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Breathing Through The Smoky Days

When I look out my window and see poor air quality, the smoky haze is made more disheartening by bits of gray ash floating in the air before coming to rest on the ground. The oppressive heat adds insult to already injured lungs and makes moving through my day challenging.

The stress of fire, drought and ashy-air is showing in everyone’s demeanor. Brows are furrowed, shoulders are tensed and conversations are clipped with the burden of finding ‘safe’ air to breath. In addition to all the recommendations from doctors and health experts about staying indoors and limiting exertion — especially if you have compromised lungs — it is vital to actively manage your mental and emotional stress when the body is under assault.

These dog days of summer are crying out for a storm to refresh the air and soak the earth with sweet rain. Until that happens, the smoke and heat are physical stresses on the body. There are countless posts on social media and in the news about the dangers of inhaling this noxious stuff, but harder to find are stories about the effects of these conditions on the mood and mind. More importantly, what is the antidote?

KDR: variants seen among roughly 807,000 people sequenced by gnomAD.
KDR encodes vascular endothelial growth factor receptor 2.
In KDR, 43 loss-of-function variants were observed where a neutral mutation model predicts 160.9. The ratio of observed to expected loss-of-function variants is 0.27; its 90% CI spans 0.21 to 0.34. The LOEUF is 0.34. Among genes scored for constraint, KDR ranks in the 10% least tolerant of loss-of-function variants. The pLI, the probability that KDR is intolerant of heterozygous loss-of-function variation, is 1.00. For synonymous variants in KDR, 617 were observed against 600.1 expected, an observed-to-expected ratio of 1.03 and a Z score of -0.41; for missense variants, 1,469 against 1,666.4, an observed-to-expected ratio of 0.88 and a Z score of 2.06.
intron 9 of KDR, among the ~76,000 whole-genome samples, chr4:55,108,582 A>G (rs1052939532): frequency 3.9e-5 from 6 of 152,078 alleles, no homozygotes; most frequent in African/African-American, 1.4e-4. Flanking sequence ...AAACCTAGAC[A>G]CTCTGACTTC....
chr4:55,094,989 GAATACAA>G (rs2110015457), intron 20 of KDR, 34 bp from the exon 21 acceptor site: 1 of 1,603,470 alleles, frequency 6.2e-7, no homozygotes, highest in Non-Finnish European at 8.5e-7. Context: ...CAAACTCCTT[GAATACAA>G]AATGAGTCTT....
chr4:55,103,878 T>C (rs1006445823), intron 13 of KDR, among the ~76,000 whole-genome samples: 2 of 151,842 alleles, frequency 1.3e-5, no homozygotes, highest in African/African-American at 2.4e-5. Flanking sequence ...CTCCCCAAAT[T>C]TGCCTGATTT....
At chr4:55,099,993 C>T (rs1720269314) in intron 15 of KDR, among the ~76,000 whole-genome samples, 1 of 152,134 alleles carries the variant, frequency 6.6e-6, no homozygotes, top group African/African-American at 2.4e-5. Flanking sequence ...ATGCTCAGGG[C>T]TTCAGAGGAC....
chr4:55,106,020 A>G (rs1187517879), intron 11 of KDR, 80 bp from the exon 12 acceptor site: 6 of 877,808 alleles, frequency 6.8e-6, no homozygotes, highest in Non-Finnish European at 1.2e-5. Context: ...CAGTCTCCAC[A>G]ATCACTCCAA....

Try this: find a place where the air is clean, such as a well air-conditioned home or businesses for example, and take some deep breaths.

Breathe the air into the bottom of your lungs, hold it for a moment and then release it. Move your arms up and down with your breath and roll your shoulders to relieve the tension you may be holding. Our tendency is to hold our breath or to breath shallowly when stressed, actions which only confirm the body’s suspicions that something is wrong!

Do this conscious deep breathing and shoulder rolling several times a day; set a timer if you need a reminder. If you have never attended a yoga class, this might be an excellent time to try out guided movement with breathing reminders. If you exercise regularly — good for you — don’t stop, just move it indoors until Mother Nature blows the air clean.

Meanwhile, focus on stretching, foam rolling and mindful breathing to let your body know that it does not need to hold on to that tension.

If you can get a break from the smoke and heat, take it! If you can’t, create a moment or two in your day to calm your body and your mind will follow.

Virginia Eaton is a health and fitness coach helping people reorganize priorities.

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Sierra News Online

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